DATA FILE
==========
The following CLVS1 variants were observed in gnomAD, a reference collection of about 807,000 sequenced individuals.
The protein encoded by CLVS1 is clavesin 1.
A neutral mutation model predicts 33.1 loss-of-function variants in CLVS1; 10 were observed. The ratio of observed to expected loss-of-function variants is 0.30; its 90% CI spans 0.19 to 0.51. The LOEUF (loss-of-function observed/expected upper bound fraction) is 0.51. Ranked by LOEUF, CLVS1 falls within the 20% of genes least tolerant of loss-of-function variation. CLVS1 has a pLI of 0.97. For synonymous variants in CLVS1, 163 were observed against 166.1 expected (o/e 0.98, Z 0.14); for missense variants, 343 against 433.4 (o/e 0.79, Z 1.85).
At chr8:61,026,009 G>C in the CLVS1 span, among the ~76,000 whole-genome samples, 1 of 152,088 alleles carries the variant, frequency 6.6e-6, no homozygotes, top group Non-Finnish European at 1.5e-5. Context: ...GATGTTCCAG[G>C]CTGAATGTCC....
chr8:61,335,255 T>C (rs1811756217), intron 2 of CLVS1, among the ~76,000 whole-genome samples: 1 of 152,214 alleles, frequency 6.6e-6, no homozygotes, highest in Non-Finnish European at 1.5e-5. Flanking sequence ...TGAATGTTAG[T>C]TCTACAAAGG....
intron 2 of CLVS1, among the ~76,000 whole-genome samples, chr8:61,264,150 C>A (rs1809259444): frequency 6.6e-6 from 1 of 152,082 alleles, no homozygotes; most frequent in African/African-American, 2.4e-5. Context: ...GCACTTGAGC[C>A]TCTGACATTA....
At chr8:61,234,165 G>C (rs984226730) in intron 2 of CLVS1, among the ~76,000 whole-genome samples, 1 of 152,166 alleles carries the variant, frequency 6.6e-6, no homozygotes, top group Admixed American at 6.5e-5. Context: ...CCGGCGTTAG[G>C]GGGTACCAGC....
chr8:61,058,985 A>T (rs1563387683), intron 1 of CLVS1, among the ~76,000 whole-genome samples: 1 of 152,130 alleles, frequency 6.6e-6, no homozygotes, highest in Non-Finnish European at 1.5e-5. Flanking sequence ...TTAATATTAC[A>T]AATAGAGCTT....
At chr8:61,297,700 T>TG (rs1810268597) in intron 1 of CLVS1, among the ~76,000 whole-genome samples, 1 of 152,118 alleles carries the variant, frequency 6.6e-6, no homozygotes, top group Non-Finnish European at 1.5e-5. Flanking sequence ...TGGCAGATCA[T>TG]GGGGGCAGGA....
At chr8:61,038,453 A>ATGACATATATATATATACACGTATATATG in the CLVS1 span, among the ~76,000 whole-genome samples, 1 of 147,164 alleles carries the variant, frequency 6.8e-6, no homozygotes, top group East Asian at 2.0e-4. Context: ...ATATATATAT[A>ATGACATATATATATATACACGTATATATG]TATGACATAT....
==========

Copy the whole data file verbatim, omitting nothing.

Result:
The following CLVS1 variants were observed in gnomAD, a reference collection of about 807,000 sequenced individuals.
The protein encoded by CLVS1 is clavesin 1.
A neutral mutation model predicts 33.1 loss-of-function variants in CLVS1; 10 were observed. The ratio of observed to expected loss-of-function variants is 0.30; its 90% CI spans 0.19 to 0.51. The LOEUF (loss-of-function observed/expected upper bound fraction) is 0.51. Ranked by LOEUF, CLVS1 falls within the 20% of genes least tolerant of loss-of-function variation. CLVS1 has a pLI of 0.97. For synonymous variants in CLVS1, 163 were observed against 166.1 expected (o/e 0.98, Z 0.14); for missense variants, 343 against 433.4 (o/e 0.79, Z 1.85).
At chr8:61,026,009 G>C in the CLVS1 span, among the ~76,000 whole-genome samples, 1 of 152,088 alleles carries the variant, frequency 6.6e-6, no homozygotes, top group Non-Finnish European at 1.5e-5. Context: ...GATGTTCCAG[G>C]CTGAATGTCC....
chr8:61,335,255 T>C (rs1811756217), intron 2 of CLVS1, among the ~76,000 whole-genome samples: 1 of 152,214 alleles, frequency 6.6e-6, no homozygotes, highest in Non-Finnish European at 1.5e-5. Flanking sequence ...TGAATGTTAG[T>C]TCTACAAAGG....
intron 2 of CLVS1, among the ~76,000 whole-genome samples, chr8:61,264,150 C>A (rs1809259444): frequency 6.6e-6 from 1 of 152,082 alleles, no homozygotes; most frequent in African/African-American, 2.4e-5. Context: ...GCACTTGAGC[C>A]TCTGACATTA....
At chr8:61,234,165 G>C (rs984226730) in intron 2 of CLVS1, among the ~76,000 whole-genome samples, 1 of 152,166 alleles carries the variant, frequency 6.6e-6, no homozygotes, top group Admixed American at 6.5e-5. Context: ...CCGGCGTTAG[G>C]GGGTACCAGC....
chr8:61,058,985 A>T (rs1563387683), intron 1 of CLVS1, among the ~76,000 whole-genome samples: 1 of 152,130 alleles, frequency 6.6e-6, no homozygotes, highest in Non-Finnish European at 1.5e-5. Flanking sequence ...TTAATATTAC[A>T]AATAGAGCTT....
At chr8:61,297,700 T>TG (rs1810268597) in intron 1 of CLVS1, among the ~76,000 whole-genome samples, 1 of 152,118 alleles carries the variant, frequency 6.6e-6, no homozygotes, top group Non-Finnish European at 1.5e-5. Flanking sequence ...TGGCAGATCA[T>TG]GGGGGCAGGA....
At chr8:61,038,453 A>ATGACATATATATATATACACGTATATATG in the CLVS1 span, among the ~76,000 whole-genome samples, 1 of 147,164 alleles carries the variant, frequency 6.8e-6, no homozygotes, top group East Asian at 2.0e-4. Context: ...ATATATATAT[A>ATGACATATATATATATACACGTATATATG]TATGACATAT....